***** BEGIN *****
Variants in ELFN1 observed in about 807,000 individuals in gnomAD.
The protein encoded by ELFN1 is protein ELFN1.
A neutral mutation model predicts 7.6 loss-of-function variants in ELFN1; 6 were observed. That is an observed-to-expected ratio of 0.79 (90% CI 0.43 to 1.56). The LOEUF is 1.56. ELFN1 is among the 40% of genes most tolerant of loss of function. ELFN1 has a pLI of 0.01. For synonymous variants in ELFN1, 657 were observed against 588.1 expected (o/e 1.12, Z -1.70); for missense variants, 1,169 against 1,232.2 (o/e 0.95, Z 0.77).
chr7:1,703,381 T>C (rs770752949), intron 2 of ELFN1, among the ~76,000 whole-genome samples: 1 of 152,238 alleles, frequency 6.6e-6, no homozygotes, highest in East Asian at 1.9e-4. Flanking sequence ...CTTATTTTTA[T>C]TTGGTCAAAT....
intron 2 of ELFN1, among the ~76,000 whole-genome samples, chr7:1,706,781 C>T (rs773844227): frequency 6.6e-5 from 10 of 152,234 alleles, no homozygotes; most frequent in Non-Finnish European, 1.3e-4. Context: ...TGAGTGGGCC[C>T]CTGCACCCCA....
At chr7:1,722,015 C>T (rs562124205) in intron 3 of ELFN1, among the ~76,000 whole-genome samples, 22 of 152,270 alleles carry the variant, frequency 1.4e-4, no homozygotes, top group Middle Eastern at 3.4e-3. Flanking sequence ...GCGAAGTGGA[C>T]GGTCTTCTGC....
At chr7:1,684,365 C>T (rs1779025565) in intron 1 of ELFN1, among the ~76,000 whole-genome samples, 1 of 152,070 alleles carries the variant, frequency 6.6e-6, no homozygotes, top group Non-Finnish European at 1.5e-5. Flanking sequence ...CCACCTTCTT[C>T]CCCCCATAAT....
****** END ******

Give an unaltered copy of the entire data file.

Variants in ELFN1 observed in about 807,000 individuals in gnomAD.
The protein encoded by ELFN1 is protein ELFN1.
A neutral mutation model predicts 7.6 loss-of-function variants in ELFN1; 6 were observed. That is an observed-to-expected ratio of 0.79 (90% CI 0.43 to 1.56). The LOEUF is 1.56. ELFN1 is among the 40% of genes most tolerant of loss of function. ELFN1 has a pLI of 0.01. For synonymous variants in ELFN1, 657 were observed against 588.1 expected (o/e 1.12, Z -1.70); for missense variants, 1,169 against 1,232.2 (o/e 0.95, Z 0.77).
chr7:1,703,381 T>C (rs770752949), intron 2 of ELFN1, among the ~76,000 whole-genome samples: 1 of 152,238 alleles, frequency 6.6e-6, no homozygotes, highest in East Asian at 1.9e-4. Flanking sequence ...CTTATTTTTA[T>C]TTGGTCAAAT....
intron 2 of ELFN1, among the ~76,000 whole-genome samples, chr7:1,706,781 C>T (rs773844227): frequency 6.6e-5 from 10 of 152,234 alleles, no homozygotes; most frequent in Non-Finnish European, 1.3e-4. Context: ...TGAGTGGGCC[C>T]CTGCACCCCA....
At chr7:1,722,015 C>T (rs562124205) in intron 3 of ELFN1, among the ~76,000 whole-genome samples, 22 of 152,270 alleles carry the variant, frequency 1.4e-4, no homozygotes, top group Middle Eastern at 3.4e-3. Flanking sequence ...GCGAAGTGGA[C>T]GGTCTTCTGC....
At chr7:1,684,365 C>T (rs1779025565) in intron 1 of ELFN1, among the ~76,000 whole-genome samples, 1 of 152,070 alleles carries the variant, frequency 6.6e-6, no homozygotes, top group Non-Finnish European at 1.5e-5. Flanking sequence ...CCACCTTCTT[C>T]CCCCCATAAT....